Karin Powers graduated from Cal Poly at the age of 40. If she had not been motivated by her back injury, she may have not attended college. She serves as the Finance and Human Resource Director for the North County Rape Crisis and Child Protection Center (NCRCCPC), where she has worked for the past 12 years and plans to stay until she retires.
The mission of the NCRCCPC—to reduce the incidence of and vulnerability to sexual assault, child abuse, and human trafficking by providing education and prevention skills to community children and adults and to alleviate the trauma experienced by survivors of these crimes by providing direct services—spoke to Karin on a deeply personal level. As a survivor of domestic violence and sexual assault, Karin understands the lifesaving value of her organization.
“To be able to give back and let survivors know that there is a non-judgmental, safe place for them to go is priceless,” she said.
When Karin talks about her work, it brings her to tears. “I’ve answered the crisis hotline for 10 years and accompanied victims during law enforcement interviews, forensic evidence collection, and court proceedings. As difficult as it is for me, it’s devastating for the survivors,” she explained.
Karin works with survivors in the North County of Santa Barbara. Her organization helps survivors use their voice to share their stories, enabling them to get the help they need.
Karin credits the Emerging Leaders program (ELP) with helping her find her own voice. When her executive director recommended she apply to the Leading From Within program, she was reluctant. She did not see herself as a leader. Eventually, she talked herself into participating, knowing it would be beneficial to “crawl out from under my rock.”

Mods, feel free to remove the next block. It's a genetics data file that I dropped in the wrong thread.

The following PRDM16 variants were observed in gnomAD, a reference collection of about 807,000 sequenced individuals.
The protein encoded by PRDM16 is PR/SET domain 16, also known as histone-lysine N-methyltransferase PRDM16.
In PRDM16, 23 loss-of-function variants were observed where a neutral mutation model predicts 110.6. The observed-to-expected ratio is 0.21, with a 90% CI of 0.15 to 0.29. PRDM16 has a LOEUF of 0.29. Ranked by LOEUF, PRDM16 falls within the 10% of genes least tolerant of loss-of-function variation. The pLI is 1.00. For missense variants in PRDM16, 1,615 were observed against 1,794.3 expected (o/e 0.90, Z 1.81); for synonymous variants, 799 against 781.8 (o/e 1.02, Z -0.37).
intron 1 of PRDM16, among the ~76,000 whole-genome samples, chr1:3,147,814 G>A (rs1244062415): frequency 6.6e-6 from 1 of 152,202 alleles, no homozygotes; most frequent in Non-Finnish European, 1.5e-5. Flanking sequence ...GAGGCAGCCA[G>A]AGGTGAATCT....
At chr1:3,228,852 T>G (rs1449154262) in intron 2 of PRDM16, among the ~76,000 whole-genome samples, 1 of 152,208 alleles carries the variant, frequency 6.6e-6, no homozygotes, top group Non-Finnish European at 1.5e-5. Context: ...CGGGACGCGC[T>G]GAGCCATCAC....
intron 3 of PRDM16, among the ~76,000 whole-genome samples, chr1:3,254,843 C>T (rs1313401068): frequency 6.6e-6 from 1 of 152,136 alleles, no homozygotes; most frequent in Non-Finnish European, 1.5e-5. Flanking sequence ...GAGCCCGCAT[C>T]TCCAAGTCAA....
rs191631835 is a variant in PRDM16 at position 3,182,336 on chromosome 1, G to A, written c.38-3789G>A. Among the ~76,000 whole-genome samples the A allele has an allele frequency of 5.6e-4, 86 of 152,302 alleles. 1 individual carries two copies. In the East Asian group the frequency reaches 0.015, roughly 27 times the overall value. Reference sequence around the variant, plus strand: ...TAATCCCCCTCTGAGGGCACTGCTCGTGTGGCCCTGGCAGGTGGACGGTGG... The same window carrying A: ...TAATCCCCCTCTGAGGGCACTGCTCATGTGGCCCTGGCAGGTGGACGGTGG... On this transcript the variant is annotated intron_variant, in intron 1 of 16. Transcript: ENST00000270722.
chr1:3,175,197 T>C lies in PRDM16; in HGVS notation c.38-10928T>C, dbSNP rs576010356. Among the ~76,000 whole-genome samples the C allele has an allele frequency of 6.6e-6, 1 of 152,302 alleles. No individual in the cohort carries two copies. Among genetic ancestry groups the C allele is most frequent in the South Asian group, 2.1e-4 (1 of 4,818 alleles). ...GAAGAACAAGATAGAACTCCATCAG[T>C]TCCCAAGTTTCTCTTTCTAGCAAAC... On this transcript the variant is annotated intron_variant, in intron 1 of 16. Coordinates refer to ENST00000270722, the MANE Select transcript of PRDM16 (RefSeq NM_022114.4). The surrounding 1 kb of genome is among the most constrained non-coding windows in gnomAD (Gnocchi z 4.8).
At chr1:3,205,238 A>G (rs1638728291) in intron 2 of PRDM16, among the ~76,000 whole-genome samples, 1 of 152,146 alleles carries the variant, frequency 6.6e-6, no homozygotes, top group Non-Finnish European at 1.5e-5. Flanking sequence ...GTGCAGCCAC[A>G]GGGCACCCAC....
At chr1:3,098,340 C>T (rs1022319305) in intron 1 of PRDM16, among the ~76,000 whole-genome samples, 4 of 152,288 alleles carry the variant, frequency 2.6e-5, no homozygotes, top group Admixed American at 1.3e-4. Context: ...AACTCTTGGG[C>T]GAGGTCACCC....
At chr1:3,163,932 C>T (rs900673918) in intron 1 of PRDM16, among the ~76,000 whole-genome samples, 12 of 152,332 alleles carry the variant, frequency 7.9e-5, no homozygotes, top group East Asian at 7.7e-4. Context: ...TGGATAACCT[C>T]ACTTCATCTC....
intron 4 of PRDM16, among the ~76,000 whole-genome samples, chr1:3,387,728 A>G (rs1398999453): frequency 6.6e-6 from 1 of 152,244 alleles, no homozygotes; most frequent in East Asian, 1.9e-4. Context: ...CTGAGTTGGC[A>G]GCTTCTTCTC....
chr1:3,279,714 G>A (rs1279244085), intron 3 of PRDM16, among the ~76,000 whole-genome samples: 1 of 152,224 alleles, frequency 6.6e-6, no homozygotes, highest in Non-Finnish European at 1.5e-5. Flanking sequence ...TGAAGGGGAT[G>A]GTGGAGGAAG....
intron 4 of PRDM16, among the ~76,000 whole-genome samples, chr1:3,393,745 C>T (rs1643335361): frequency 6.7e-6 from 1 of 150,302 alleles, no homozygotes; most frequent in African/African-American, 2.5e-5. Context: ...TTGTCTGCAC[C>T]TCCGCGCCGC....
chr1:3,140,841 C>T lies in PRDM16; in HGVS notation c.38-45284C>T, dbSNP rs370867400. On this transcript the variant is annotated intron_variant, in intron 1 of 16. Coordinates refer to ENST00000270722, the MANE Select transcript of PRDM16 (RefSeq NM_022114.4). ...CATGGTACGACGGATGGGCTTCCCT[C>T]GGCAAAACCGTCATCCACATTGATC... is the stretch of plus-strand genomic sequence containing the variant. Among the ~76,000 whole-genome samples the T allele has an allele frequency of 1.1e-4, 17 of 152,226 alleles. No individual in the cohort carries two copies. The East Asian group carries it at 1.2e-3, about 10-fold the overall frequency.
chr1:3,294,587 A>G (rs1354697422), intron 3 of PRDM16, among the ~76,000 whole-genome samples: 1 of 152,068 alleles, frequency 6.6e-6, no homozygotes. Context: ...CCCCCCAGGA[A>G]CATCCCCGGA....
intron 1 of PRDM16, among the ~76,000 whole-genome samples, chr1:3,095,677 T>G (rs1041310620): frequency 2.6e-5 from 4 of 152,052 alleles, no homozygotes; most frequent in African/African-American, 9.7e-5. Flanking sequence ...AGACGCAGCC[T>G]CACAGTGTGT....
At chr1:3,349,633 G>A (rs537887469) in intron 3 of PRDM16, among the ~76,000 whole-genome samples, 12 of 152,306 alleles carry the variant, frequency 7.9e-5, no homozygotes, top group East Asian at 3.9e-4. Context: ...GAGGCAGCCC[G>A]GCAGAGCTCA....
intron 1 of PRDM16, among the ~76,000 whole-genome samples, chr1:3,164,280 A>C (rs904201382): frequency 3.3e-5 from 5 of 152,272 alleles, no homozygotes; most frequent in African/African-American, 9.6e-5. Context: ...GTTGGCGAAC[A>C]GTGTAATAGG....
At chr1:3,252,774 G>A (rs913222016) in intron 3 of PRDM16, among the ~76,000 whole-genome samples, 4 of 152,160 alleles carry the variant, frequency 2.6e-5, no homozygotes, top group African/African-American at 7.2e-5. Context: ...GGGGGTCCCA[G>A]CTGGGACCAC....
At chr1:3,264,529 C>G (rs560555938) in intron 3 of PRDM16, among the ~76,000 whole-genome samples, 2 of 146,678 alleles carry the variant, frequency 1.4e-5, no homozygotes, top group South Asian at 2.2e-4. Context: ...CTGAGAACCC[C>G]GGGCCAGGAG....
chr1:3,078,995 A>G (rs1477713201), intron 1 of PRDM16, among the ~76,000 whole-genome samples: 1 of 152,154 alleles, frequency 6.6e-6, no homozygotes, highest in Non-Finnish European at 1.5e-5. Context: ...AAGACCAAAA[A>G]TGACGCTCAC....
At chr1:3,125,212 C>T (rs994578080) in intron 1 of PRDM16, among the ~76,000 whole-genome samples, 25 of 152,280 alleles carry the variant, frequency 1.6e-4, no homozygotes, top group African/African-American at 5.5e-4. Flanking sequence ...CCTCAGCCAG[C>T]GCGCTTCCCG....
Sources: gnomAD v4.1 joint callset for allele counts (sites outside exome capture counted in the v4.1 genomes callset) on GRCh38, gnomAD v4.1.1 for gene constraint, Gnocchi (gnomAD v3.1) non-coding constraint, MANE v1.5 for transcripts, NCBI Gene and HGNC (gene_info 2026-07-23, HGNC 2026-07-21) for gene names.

Little did she know, that decision would change her life.
“The Emerging Leaders program made me want to have a voice and made me realize that I did have a voice.”
“The Emerging Leaders Program (ELP) made me want to have a voice and made me realize that I did have a voice,” she said. She admits she was feeling dismissed and unappreciated by a coworker when she happened to attend a workshop featuring a guest speaker who said, “It’s not up to that person to see me as an equal but it’s up to me to see myself as equal.”
“That,” says Karin, “was the most aha moment of my life!”
As her confidence grew, so did her responsibility at the NCRCCPC. “At the beginning, I was working under the radar, feeling like I didn’t have a strong finance background and trying to prove I was worthy of the director title,” she said. “It took me a while to realize how much my opinion and knowledge of nonprofit management [were] respected.”
Karin is now part of a senior team at the rape crisis center. “One of the most powerful lessons I learned from the ELP is the importance of supporting our employees and eliciting honest feedback from them on a regular basis. They also have a voice that needs to be heard.”
“I’m still growing and I know I have 10 more years in this job. So why shouldn’t I push myself to do more and be more?” That’s one of the reasons she is active with the LFW Alumni Collaborative Leadership Council, which ensures that leaders in the North County continue to learn and grow together.
“When I started this journey, I didn’t see myself as a leader or a nonprofit professional, but ELP changed my life,” says Karin. “I’ve never been more comfortable in my own skin and I know that my voice matters.”